Developing Capabilities Through Learning Experiences – Part 2


In the first part of this blog, we focused on capability academies and how they provide a framework to develop business-relevant skills. In this second part, we are looking at skill development and learning experiences, a step further in our conversation.

According to the World Economic Forum, “the Reskilling Revolution aims to provide better jobs, education and skills to 1 billion people in the next 10 years to contribute to future-proofing countries, companies and workers”(1).

The latest LinkedIn Workplace Learning Report (2021) reveals that L&D professionals consider reskilling and upskilling their “#1 priority (59%) — that’s a 15% increase since June 2020”(2)

As we look at skill development as a priority, a question pops up: how do you develop those needed skills? A skill is not just knowledge from books and online courses — it is rather ‘the ability to use one’s knowledge effectively and readily in execution or performance’, as described by Merriam-Webster Dictionary. Thus, a skill is developed by putting your knowledge into practice, trying it out, receiving feedback, and dedicating time to self-reflection. And if we learn in that way, certainly our learning will last longer and it will be much more rewarding and effective than just reading books or clicking the ‘next’ button on online courses.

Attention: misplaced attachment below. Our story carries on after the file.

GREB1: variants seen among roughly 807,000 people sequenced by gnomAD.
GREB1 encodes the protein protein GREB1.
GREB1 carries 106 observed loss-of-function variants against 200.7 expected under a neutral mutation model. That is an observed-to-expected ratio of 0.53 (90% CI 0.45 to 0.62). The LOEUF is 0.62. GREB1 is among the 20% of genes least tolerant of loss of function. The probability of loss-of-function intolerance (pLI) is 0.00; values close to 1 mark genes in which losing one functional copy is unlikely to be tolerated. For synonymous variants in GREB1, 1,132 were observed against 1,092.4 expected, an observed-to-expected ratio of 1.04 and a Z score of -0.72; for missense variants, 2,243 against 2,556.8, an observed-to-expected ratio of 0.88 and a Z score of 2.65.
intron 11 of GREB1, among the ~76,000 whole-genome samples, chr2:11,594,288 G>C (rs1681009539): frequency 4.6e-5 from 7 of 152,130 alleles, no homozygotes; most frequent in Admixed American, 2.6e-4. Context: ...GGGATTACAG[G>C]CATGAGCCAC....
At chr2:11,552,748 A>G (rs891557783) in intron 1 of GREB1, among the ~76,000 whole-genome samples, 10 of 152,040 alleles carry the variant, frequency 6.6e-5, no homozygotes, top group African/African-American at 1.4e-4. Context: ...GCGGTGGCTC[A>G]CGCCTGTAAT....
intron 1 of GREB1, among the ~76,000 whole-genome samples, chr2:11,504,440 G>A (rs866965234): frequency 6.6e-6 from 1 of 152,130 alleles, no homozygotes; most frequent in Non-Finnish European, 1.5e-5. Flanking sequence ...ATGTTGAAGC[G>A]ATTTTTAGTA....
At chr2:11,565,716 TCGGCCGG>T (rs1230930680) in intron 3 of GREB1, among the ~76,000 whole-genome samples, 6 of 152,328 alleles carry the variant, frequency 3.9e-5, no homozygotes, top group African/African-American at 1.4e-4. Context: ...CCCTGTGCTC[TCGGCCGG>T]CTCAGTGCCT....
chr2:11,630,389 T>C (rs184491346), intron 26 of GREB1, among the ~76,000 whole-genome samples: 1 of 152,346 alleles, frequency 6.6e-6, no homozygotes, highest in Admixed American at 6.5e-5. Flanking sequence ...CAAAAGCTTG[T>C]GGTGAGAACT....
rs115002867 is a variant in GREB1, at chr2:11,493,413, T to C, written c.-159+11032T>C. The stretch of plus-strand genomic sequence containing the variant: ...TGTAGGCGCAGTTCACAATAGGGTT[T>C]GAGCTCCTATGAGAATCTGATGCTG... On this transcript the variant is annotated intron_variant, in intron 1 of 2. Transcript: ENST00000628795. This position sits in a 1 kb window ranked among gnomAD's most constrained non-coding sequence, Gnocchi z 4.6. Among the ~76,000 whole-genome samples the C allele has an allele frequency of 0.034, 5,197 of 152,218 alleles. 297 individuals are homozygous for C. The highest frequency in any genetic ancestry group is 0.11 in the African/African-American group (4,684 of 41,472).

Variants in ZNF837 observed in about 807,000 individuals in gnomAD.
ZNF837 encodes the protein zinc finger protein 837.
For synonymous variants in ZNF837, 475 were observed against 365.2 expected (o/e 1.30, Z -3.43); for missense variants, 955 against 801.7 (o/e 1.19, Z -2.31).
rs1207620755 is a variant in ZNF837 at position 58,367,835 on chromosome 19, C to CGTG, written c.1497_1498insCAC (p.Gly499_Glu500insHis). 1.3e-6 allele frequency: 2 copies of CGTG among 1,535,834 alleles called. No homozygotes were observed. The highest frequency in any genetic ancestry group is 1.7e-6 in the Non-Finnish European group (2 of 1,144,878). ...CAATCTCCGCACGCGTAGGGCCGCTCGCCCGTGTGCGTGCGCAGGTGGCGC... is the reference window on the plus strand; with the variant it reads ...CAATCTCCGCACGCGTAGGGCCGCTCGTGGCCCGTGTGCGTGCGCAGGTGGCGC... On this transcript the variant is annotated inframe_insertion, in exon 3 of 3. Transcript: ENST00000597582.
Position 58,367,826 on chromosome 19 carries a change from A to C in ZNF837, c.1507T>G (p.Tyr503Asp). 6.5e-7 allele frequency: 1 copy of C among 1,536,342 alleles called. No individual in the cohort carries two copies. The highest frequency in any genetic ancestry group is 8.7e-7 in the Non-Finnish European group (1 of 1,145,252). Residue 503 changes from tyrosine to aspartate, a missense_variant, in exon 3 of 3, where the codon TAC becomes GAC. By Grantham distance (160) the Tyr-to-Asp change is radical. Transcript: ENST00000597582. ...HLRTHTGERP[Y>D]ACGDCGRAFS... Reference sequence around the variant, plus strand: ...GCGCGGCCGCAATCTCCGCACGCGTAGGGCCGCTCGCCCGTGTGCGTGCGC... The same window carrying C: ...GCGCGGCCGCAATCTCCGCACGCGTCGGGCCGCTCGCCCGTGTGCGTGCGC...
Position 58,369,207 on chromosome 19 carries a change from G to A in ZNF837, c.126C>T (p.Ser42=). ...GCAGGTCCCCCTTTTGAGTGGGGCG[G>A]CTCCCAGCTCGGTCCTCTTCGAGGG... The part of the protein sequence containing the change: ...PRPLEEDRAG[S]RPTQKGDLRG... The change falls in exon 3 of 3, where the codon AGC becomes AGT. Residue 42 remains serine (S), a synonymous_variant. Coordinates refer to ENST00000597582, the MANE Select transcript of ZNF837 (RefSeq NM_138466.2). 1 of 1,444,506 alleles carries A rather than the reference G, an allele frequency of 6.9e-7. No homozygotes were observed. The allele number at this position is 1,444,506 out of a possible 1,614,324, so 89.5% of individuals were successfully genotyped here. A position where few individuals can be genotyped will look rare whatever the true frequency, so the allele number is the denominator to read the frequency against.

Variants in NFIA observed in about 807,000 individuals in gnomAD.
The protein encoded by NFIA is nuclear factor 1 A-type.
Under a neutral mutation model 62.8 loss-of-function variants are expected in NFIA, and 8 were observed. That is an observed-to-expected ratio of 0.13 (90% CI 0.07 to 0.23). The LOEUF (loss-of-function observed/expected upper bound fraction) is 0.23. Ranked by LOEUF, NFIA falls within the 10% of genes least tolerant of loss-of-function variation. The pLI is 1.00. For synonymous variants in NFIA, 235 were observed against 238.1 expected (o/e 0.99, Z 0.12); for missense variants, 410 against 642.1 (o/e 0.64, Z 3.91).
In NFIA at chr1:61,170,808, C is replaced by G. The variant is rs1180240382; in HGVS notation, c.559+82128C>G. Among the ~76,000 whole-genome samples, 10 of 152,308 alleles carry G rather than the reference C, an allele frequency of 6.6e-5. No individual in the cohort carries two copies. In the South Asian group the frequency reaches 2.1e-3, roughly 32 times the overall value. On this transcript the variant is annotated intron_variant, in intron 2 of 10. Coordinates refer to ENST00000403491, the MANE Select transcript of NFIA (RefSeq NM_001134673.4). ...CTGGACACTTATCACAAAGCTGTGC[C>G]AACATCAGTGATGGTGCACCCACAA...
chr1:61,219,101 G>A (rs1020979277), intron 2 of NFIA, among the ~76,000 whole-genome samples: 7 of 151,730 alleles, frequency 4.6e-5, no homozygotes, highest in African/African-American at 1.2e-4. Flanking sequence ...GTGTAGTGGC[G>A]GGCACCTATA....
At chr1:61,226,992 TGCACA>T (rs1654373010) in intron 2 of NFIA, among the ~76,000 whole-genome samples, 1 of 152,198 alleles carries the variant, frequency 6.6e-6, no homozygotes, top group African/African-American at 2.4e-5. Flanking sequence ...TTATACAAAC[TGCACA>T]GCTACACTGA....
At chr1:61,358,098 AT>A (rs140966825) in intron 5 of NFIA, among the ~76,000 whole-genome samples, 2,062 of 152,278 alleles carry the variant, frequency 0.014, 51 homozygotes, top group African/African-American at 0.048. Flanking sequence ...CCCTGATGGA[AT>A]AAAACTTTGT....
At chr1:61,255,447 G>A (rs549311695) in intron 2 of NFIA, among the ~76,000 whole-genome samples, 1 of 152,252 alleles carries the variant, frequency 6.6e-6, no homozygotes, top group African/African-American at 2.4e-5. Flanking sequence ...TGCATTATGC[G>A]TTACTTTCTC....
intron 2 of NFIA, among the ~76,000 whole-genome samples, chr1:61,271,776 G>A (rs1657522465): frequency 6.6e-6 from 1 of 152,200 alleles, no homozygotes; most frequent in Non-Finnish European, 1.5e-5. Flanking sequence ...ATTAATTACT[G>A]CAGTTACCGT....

We are not saying that reading and clicking the ‘next’ button is awful (although it is sometimes). We are saying that to learn something, especially new skills, we have to follow a different, and usually longer, path. Books and online courses are part of that path, but they are not the whole path. As Julie Dirksen says: ‘Learning experiences are like journeys. The journey starts where the learning is now, and ends when the learner is successful. The end of the journey is not knowing more, it is doing more(3). Therefore, an effective learning experience should combine content, context, feedback, and technology

The right professional

The right professional will make the difference between a traditional e-learning content ‘baptised’ as a learning experience, and a genuine learning experience, focused on the experience path design. Typically, an instructional designer is the person who creates and develops scripts for e-learning courses. On the other hand, a learning experience designer is the one concerned with the whole picture: technology, experts, stakeholders, business goals, knowledge transfer, human development, creativity, and so forth.